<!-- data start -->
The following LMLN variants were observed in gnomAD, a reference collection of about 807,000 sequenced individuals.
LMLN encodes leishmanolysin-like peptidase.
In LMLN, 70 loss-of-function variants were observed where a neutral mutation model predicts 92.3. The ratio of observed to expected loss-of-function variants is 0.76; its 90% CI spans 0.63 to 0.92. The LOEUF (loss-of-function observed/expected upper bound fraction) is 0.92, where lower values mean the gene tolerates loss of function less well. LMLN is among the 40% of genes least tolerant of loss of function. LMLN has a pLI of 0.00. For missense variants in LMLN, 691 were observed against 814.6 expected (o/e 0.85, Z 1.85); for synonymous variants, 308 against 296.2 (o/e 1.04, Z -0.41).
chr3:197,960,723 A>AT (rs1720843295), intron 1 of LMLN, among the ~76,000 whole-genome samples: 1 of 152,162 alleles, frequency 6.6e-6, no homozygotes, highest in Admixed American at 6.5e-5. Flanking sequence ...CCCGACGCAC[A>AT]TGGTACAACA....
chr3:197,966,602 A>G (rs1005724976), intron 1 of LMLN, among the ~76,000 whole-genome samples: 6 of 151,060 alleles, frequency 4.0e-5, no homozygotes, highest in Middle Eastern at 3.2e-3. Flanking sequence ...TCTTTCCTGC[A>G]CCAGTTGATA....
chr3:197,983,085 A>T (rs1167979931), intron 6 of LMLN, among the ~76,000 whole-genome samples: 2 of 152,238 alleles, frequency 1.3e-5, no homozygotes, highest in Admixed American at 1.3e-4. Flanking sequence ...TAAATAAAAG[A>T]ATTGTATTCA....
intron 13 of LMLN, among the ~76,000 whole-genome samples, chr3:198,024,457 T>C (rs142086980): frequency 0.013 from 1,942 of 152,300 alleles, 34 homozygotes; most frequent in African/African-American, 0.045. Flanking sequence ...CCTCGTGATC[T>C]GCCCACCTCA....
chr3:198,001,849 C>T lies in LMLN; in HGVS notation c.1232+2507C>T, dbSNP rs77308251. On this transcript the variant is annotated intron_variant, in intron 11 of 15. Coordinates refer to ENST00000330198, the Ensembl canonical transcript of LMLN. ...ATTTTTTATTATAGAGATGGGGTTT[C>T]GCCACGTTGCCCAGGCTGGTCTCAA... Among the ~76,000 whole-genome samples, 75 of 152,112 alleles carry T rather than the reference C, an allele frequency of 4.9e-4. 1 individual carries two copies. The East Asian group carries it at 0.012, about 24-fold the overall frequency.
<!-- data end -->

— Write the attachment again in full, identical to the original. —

The following LMLN variants were observed in gnomAD, a reference collection of about 807,000 sequenced individuals.
LMLN encodes leishmanolysin-like peptidase.
In LMLN, 70 loss-of-function variants were observed where a neutral mutation model predicts 92.3. The ratio of observed to expected loss-of-function variants is 0.76; its 90% CI spans 0.63 to 0.92. The LOEUF (loss-of-function observed/expected upper bound fraction) is 0.92, where lower values mean the gene tolerates loss of function less well. LMLN is among the 40% of genes least tolerant of loss of function. LMLN has a pLI of 0.00. For missense variants in LMLN, 691 were observed against 814.6 expected (o/e 0.85, Z 1.85); for synonymous variants, 308 against 296.2 (o/e 1.04, Z -0.41).
chr3:197,960,723 A>AT (rs1720843295), intron 1 of LMLN, among the ~76,000 whole-genome samples: 1 of 152,162 alleles, frequency 6.6e-6, no homozygotes, highest in Admixed American at 6.5e-5. Flanking sequence ...CCCGACGCAC[A>AT]TGGTACAACA....
chr3:197,966,602 A>G (rs1005724976), intron 1 of LMLN, among the ~76,000 whole-genome samples: 6 of 151,060 alleles, frequency 4.0e-5, no homozygotes, highest in Middle Eastern at 3.2e-3. Flanking sequence ...TCTTTCCTGC[A>G]CCAGTTGATA....
chr3:197,983,085 A>T (rs1167979931), intron 6 of LMLN, among the ~76,000 whole-genome samples: 2 of 152,238 alleles, frequency 1.3e-5, no homozygotes, highest in Admixed American at 1.3e-4. Flanking sequence ...TAAATAAAAG[A>T]ATTGTATTCA....
intron 13 of LMLN, among the ~76,000 whole-genome samples, chr3:198,024,457 T>C (rs142086980): frequency 0.013 from 1,942 of 152,300 alleles, 34 homozygotes; most frequent in African/African-American, 0.045. Flanking sequence ...CCTCGTGATC[T>C]GCCCACCTCA....
chr3:198,001,849 C>T lies in LMLN; in HGVS notation c.1232+2507C>T, dbSNP rs77308251. On this transcript the variant is annotated intron_variant, in intron 11 of 15. Coordinates refer to ENST00000330198, the Ensembl canonical transcript of LMLN. ...ATTTTTTATTATAGAGATGGGGTTT[C>T]GCCACGTTGCCCAGGCTGGTCTCAA... Among the ~76,000 whole-genome samples, 75 of 152,112 alleles carry T rather than the reference C, an allele frequency of 4.9e-4. 1 individual carries two copies. The East Asian group carries it at 0.012, about 24-fold the overall frequency.